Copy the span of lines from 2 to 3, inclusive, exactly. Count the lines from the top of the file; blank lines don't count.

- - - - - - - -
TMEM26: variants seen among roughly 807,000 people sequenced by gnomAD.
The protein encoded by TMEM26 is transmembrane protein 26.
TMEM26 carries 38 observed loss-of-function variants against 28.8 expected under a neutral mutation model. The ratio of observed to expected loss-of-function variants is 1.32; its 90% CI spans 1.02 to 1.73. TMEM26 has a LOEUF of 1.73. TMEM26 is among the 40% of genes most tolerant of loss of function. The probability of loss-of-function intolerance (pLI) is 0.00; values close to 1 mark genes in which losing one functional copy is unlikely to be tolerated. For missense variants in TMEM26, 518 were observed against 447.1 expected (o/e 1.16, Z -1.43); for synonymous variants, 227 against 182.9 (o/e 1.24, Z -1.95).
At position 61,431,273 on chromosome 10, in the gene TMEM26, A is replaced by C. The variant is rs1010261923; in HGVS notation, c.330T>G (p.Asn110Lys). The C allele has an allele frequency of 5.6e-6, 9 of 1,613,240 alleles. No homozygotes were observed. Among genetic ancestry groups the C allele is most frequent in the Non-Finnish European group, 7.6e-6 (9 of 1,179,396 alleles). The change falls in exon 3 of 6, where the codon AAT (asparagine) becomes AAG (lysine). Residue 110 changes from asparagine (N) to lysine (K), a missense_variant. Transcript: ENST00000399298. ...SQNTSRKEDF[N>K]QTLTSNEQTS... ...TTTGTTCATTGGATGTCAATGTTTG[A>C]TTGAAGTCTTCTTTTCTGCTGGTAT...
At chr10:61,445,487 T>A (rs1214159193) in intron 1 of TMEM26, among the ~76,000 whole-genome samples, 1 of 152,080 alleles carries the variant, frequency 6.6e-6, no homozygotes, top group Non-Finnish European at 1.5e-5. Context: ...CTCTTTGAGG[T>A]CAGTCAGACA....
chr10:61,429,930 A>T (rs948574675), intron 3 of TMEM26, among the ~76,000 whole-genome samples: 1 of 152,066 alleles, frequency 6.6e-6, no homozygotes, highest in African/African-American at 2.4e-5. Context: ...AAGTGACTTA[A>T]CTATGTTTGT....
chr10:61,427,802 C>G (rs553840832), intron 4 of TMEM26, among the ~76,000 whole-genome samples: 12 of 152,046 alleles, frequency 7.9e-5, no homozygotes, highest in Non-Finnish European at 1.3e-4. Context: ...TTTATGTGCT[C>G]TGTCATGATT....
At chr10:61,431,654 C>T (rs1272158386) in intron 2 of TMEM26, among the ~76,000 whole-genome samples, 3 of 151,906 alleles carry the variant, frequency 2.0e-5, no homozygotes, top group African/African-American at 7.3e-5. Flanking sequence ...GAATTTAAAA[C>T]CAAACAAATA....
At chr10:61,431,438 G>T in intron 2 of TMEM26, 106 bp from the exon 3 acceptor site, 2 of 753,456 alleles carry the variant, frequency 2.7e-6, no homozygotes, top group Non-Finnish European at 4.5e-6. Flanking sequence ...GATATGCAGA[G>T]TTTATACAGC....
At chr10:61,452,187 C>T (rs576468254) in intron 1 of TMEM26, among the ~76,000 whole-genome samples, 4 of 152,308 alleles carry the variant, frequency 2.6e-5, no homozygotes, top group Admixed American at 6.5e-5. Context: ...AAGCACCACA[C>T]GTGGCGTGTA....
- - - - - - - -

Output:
The protein encoded by TMEM26 is transmembrane protein 26.
TMEM26 carries 38 observed loss-of-function variants against 28.8 expected under a neutral mutation model. The ratio of observed to expected loss-of-function variants is 1.32; its 90% CI spans 1.02 to 1.73. TMEM26 has a LOEUF of 1.73. TMEM26 is among the 40% of genes most tolerant of loss of function. The probability of loss-of-function intolerance (pLI) is 0.00; values close to 1 mark genes in which losing one functional copy is unlikely to be tolerated. For missense variants in TMEM26, 518 were observed against 447.1 expected (o/e 1.16, Z -1.43); for synonymous variants, 227 against 182.9 (o/e 1.24, Z -1.95).